|President Johnson, 1870-1880.|
Library of Congress.
There was a slight "catch" involved, however. The Shoshone and Bannock bands for whom the reservation was created had not yet said they would stay there. Various accords signed in 1863, including the “Box Elder Treaty” [blog, July 30], had been peace agreements, not reservation assignments.
Those treaties were largely meant to allow safe passage for white travelers through regions where the Shoshones commonly roamed. In return, government agents would give the bands provisions and other goods. The agreements outlined where the terms generally applied, but did not constraint the bands to remain within those (vague) boundaries.
This loose approach soon became untenable, largely due to white settlement. Many hunter-gatherer societies live “on the edge” of hunger. That was certainly true in the arid country occupied by the Sho-Bans (a modern term). White settlers naturally occupied the most productive lands first. Thus, they depleted natural food sources out of all proportion to their small initial numbers.
By 1865-1867, many bands had become dependent upon the government allotments just to avoid starvation. Officials decided the only workable answer was to move the tribes onto reservations. There, they could be taught to become self-sufficient farmers. Just over a year after Johnson’s executive order, the tribes acquiesced to the "Fort Bridger Treaty of 1868," in which they agreed to occupy the reservation.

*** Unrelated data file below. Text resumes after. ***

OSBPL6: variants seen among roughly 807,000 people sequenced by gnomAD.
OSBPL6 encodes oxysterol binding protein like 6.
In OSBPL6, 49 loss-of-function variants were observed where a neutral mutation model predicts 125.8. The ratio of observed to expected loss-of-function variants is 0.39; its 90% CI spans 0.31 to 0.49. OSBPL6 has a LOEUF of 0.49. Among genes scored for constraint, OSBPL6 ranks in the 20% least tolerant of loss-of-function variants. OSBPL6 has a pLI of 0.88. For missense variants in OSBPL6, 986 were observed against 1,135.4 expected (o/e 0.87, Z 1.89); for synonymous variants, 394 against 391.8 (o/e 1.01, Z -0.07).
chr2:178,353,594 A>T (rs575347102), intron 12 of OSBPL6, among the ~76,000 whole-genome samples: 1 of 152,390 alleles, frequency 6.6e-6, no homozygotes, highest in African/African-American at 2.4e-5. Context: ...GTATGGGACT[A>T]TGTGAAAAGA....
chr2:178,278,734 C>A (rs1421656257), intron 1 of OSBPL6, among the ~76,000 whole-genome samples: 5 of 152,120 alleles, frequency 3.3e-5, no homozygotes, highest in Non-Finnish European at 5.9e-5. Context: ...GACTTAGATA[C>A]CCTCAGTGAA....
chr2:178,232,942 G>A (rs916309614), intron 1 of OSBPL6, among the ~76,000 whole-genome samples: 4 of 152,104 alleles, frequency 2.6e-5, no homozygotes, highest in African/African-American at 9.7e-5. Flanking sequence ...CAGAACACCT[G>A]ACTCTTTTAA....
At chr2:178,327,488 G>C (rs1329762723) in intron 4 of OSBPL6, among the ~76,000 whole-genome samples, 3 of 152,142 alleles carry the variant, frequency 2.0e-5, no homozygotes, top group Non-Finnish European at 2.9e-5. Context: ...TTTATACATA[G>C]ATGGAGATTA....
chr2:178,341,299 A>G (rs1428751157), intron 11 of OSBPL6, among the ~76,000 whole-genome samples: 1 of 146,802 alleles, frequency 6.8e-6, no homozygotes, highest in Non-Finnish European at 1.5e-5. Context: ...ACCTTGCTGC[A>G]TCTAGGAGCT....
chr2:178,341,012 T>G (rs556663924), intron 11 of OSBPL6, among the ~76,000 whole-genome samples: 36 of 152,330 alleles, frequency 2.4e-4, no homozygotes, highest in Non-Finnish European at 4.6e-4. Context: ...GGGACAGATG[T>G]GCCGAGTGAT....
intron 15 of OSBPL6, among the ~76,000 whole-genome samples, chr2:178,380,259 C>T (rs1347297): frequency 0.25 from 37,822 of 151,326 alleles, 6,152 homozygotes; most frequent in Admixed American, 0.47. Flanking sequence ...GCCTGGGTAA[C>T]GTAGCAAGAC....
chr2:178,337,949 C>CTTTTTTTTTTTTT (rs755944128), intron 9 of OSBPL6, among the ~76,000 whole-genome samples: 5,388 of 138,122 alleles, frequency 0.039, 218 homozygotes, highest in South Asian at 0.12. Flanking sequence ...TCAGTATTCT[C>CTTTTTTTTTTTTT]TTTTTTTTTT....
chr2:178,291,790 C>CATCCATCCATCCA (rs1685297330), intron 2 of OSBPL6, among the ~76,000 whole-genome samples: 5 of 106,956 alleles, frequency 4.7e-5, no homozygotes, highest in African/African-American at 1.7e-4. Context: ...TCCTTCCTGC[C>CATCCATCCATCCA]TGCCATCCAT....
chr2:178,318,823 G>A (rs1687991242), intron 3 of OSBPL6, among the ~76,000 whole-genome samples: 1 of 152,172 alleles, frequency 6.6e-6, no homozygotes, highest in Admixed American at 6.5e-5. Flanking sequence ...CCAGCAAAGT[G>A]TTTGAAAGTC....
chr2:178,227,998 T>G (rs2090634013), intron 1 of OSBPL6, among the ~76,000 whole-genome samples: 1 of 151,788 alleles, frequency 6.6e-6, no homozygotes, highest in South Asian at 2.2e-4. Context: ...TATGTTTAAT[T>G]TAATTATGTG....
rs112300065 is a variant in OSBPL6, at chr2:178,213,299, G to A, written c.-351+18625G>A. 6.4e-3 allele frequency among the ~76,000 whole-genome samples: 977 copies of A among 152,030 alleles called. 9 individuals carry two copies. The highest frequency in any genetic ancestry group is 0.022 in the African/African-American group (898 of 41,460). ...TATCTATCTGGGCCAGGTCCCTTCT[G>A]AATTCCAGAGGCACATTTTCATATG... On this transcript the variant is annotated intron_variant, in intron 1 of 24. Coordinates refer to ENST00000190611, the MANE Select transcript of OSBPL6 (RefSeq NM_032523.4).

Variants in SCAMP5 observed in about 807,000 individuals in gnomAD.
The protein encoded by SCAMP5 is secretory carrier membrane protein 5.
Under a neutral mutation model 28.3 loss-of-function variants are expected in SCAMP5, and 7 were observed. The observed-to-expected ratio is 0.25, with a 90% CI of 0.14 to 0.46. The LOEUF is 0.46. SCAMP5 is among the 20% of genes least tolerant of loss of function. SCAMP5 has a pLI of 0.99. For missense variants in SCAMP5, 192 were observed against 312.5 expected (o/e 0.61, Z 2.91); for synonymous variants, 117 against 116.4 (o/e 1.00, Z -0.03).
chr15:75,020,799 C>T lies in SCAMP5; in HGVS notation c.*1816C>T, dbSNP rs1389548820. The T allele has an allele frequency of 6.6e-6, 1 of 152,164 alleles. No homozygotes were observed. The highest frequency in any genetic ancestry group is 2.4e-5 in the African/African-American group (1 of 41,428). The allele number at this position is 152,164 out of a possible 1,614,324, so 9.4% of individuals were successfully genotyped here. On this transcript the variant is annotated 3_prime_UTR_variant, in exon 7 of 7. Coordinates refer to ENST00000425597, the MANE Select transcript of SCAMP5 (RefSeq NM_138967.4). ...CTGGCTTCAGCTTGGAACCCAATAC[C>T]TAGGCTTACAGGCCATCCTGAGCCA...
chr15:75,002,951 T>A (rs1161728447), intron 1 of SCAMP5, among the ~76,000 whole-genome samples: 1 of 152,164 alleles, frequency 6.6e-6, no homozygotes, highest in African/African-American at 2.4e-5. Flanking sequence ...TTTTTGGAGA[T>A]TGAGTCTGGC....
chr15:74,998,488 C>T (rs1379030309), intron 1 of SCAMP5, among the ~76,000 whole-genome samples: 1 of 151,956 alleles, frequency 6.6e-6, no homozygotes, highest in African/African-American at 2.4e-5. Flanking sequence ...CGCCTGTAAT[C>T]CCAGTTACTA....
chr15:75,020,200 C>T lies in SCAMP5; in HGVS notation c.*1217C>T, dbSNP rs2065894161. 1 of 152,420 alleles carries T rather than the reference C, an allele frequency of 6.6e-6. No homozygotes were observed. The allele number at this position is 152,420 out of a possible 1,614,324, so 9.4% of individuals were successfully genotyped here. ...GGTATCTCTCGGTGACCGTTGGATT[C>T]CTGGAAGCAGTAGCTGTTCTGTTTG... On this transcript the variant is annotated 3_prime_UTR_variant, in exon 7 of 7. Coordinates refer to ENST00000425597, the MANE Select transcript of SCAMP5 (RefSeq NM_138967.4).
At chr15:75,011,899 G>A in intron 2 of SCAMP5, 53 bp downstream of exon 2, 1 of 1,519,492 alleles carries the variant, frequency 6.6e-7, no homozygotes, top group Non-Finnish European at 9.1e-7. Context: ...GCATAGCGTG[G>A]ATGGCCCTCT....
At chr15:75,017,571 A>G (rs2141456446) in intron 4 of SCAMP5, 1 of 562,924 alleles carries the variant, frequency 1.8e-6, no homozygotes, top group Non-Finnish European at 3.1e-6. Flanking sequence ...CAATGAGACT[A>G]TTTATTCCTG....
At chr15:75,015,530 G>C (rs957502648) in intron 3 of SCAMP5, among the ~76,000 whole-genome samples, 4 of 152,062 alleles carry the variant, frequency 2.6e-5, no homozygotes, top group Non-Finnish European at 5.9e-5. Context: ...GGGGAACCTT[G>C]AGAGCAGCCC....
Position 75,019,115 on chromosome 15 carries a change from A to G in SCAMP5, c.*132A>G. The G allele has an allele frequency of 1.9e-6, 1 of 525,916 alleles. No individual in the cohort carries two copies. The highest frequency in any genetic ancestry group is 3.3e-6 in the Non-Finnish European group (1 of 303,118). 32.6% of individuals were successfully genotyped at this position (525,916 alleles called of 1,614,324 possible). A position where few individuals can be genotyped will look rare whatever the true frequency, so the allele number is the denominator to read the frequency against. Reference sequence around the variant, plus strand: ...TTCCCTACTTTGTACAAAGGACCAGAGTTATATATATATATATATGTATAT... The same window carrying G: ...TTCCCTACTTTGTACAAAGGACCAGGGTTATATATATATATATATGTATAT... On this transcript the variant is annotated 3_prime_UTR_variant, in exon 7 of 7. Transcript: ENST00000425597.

In return, the government made many promises. A reservation physician would provide medical service. Also, craftsmen (carpenter, blacksmith, etc.) would be available to teach these skills to the Indians. Tribesmen who made "good faith" efforts to cultivate the land would receive, for up to four years, an allotment of seed and necessary farm implements.
|Fort Hall Reservation Indians, ca. 1875. Library of Congress.|
A number of buildings would be erected at government expense, and each Indian would receive an annual allotment of warm clothing, or the materials to make those garments. Other clauses promised an allowance that might be used for food, presumably to carry them through the period until they could raise their own.
As a concession to get the Indians to agree, the Bridger Treaty reserved the southern Camas Prairie for their use. Sadly, the Sho-Ban suffered through years of broken promises: inadequate food and clothing, no seed or training, and so on. All that, plus white violation of the Camas Prairie provision, would set off the Bannock War of 1878 [blog, June 8].
Moreover, by the end of the century, “re-negoiations” drastically reduced the size of the reservation, from an original 1.8 million acres to around 540 thousand. Finally, in 1936 and 1937, the tribes created a governing constitution and bylaws, and organized themselves into a Federally-chartered corporation.
It has taken far too long, but at least today the Sho-Ban control their own destiny. They experience the same economic ups and downs as their non-Indian neighbors, but by and large they can provide reasonable services and opportunities for their people.
|Charles Joseph Kappler (ed.), Indian affairs: Laws and Treaties, Volume I, Government Printing Office, Washington, D. C. (1903).|
|Brigham D. Madsen, The Northern Shoshoni, The Caxton Printers, CaIdwell, Idaho (1980).|
|“Treaties and Cessions,” Shoshone-Bannock Tribes web site.|